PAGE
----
Labour’s Crichton calls for Harris ferry poll

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LABOUR Holyrood candidate, Donald Crichton has called on the Scottish Government to hold and fund a local referendum to allow the people of Harris to decide whether they want the ferry on Sunday or not.

Mr Crichton said: “There should be no Sunday ferry to Tarbert without the people of Harris having a real say and a meaningful vote in deciding whether the sailings should go ahead. After 15 years of sham consultations by CalMac, it is time to stop these charades and let the people decide. There should be a local referendum to allow the people of Harris to decide whether they want the ferry on Sunday or not.”

The Labour candidate for next May’s Holyrood election says he is personally opposed to the introduction of a Sunday sailing but concedes he doesn’t have the right to impose his personal views on the issue upon others. And neither does CalMac nor the Scottish Government, he added.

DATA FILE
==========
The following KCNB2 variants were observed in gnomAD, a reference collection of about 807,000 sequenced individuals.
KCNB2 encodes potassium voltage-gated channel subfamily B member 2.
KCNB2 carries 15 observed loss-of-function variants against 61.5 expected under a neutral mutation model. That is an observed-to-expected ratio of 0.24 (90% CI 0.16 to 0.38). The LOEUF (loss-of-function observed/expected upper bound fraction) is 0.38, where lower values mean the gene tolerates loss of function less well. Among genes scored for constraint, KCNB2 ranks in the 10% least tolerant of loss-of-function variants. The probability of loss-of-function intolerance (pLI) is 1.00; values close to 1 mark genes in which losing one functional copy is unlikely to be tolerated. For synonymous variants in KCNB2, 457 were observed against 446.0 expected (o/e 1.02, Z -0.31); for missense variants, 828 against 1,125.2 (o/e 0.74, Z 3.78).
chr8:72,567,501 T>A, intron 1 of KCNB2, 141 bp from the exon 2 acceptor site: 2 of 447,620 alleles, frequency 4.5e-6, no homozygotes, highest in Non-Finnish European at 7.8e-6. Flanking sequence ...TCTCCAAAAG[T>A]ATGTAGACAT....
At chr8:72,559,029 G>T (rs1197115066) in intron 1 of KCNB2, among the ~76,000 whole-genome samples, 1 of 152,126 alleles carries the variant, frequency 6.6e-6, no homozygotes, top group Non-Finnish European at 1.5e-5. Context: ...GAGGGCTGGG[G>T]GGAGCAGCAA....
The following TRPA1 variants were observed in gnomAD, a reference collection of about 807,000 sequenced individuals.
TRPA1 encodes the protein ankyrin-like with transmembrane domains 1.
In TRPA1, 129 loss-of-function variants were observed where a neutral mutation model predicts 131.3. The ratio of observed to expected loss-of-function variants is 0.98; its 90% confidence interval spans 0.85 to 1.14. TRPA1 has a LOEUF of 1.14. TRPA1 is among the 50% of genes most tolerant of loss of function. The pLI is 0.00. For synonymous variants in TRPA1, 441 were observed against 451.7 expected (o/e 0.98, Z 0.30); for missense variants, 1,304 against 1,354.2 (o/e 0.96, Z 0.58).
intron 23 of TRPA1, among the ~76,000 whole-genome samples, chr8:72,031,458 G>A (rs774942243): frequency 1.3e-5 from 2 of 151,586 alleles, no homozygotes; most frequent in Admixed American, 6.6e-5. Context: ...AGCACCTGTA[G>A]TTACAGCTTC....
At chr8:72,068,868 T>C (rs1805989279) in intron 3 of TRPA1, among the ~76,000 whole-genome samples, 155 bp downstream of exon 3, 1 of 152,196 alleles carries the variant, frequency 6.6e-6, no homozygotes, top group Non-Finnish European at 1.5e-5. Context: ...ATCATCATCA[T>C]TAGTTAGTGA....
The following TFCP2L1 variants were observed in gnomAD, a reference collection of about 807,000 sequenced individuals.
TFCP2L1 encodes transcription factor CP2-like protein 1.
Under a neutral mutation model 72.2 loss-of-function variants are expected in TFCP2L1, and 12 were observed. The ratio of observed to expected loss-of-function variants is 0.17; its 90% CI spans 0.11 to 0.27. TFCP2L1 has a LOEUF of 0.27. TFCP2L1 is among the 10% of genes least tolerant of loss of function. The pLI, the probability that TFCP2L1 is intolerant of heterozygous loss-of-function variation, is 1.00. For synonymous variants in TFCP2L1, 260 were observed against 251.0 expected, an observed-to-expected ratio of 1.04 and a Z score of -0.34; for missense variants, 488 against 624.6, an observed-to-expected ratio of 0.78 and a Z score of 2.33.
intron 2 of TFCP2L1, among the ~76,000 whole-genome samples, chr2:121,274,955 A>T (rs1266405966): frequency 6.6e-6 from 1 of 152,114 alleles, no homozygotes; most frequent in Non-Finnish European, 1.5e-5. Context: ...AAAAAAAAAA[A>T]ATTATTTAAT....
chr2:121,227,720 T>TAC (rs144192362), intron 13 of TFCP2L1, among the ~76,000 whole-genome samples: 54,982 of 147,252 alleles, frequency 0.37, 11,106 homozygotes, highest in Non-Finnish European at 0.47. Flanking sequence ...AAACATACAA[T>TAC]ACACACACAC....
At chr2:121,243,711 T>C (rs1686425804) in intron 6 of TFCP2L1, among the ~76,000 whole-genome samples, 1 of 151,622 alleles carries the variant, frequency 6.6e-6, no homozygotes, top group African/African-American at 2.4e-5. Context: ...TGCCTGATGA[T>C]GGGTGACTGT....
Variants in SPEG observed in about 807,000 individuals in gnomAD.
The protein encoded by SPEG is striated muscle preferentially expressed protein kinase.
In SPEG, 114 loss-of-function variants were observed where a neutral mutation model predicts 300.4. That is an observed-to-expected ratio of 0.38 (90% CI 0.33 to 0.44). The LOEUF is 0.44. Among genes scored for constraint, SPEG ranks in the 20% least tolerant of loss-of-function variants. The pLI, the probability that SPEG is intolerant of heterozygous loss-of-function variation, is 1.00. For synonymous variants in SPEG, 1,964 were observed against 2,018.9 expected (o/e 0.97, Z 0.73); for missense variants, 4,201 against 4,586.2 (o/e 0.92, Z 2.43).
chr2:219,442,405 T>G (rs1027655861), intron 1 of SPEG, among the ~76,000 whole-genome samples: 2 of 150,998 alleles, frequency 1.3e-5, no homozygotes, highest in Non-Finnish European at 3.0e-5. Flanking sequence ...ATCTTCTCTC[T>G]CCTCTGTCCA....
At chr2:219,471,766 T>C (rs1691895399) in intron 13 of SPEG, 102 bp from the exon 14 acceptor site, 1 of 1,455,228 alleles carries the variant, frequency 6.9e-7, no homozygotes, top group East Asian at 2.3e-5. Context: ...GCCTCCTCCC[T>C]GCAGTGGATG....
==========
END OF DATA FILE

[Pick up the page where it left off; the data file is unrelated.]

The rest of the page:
Calling for all sides to respect the outcome of any such pool, Mr Crichton continued: “A referendum would be simple, quick and inexpensive to organise. It would be cheaper and more meaningful than paying some superannuated consultants. Direct democracy is a well-established practice now in the islands for community land buy-outs, and it is the best way to settle an issue like this where no-one side should be able to impose their views on another.

“That is why am calling upon the Scottish Transport Minister, Keith Brown, to agree to a local referendum and to abide by its verdict. The Scottish Government owns and funds CalMac and pays for all its services so it is obvious that they have the ultimate say.”

He pointed out that the issue of Sunday sailings is a matter of personal conscience and local democracy, not one for party politics. And that is why he is also inviting the local MSP to join with him in a joint approach to the Minister for a local referendum.

Meanwhile, local councillor, Morag Munro expressed concern over the wording of the question to be put before the community should a referendum go ahead.

“When there is a proposal to introduce a service which is contrary to the long-term history, culture, way of life and traditional beliefs of an area, there needs to be a determined demand for change from within. It must not be done on the basis of passive indifference or to satisfy a vocal minority,” stated Mrs Munro, a long time opponent of Sabbath sailings.